It might be worth it to you, but I see a lot of expenses and very little value in return.

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I have OpenVPN capabilities built into my ASUS router by default. I can add an ovpn config file to the router for which all traffic will flow through the VPN for the home. However, compared the desktop equivalent(same ovpn config file) the traffic is a fraction of the speed on the router, as it is natively on my desktop.

Routers are meant for what they do, routing traffic. Encrypting data on the fly for everyone on the network, is probably not the best thing you can do to your off the shelf router and in my experience, made things hella slow, as where on the desktop, speeds were actually faster for some things. A desktop machine dedicated with multiple nics as a firewall with VPN access, would probably work better than a small home rotuer for VPN access though, but this also might just be the implementation on my router that is slower than from my desktop alone.

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  • 1 month later...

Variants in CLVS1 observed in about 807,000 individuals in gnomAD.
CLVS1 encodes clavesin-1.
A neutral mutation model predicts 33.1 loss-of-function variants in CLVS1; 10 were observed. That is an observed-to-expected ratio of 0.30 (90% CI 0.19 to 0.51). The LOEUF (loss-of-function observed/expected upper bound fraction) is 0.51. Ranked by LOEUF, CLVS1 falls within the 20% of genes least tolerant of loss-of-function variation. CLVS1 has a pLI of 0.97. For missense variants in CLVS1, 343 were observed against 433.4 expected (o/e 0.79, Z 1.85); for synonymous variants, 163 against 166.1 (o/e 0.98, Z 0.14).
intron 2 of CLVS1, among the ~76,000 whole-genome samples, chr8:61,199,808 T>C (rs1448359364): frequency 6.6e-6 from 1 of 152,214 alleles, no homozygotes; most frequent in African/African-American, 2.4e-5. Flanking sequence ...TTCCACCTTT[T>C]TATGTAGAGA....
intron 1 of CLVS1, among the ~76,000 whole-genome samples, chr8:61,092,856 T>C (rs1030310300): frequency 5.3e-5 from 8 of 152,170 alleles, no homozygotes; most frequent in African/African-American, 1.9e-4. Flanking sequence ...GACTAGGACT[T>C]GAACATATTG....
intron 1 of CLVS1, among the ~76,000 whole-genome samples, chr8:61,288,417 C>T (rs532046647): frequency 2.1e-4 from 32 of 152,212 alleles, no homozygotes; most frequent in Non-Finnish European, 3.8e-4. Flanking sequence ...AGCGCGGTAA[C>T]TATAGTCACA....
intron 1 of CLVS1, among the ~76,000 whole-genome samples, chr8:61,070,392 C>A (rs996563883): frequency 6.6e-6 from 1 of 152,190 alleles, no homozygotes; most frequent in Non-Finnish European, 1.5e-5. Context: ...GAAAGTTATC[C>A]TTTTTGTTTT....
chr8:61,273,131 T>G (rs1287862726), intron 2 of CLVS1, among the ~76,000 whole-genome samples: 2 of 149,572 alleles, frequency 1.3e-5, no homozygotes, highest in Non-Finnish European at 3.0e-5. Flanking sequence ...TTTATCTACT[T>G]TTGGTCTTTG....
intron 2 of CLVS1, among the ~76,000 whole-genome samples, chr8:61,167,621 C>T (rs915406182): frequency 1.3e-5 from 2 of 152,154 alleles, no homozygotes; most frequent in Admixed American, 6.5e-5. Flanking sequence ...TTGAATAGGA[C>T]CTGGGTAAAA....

I'd disagree with that, it depends on your environment. If you are in a hostile environment and there is guaranteed network monitoring then using a free VPN that may be monitoring is probably a better option if you have to get online.

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  • 2 weeks later...

I personally plan to get https://www.privateinternetaccess.com/

I am wondering if that price seems right. They seems to have a rather large server list and my ASUS router can connect to it without modification. I can also set the router so that if there is no connection to the VPN It wont connect to the internet at all. This is only my intended plan until I can get a mini board to put a wifi card or 2 in to make my own router running VMs with pfSense to run antiviruse and the VPN for all computers connected to the network.

Does this sound right?

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Sounds like the wrong place to have antivirus running. If you use some secure webmail which you access directly from your machine within your LAN your router (and, thus, antivirus) can't inspect that data since it's encrypted. So you're going to have to run antivirus on your machine anyways. Given that, why bother with it on the router?

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For VPN on the go I have a Raspberry PI 2 running l2tp/ipsec running. I like this as it means I can use always on VPN on my Andriod devices. Given that for Always On you have to use an IP for the server and give an IP for DNS it doesn't even leak DNS look up for the host.

The tutorial I followed was http://linux.tips/tutorials/how-to-setup-l2tp-vpn-server-on-raspberry-pi

The only down side is can't use captive portal WiFi as you have to turn the VPN off to see the login page and you can leak a lot info given how many apps still do stuff over HTTP or un CA checked HTTPS.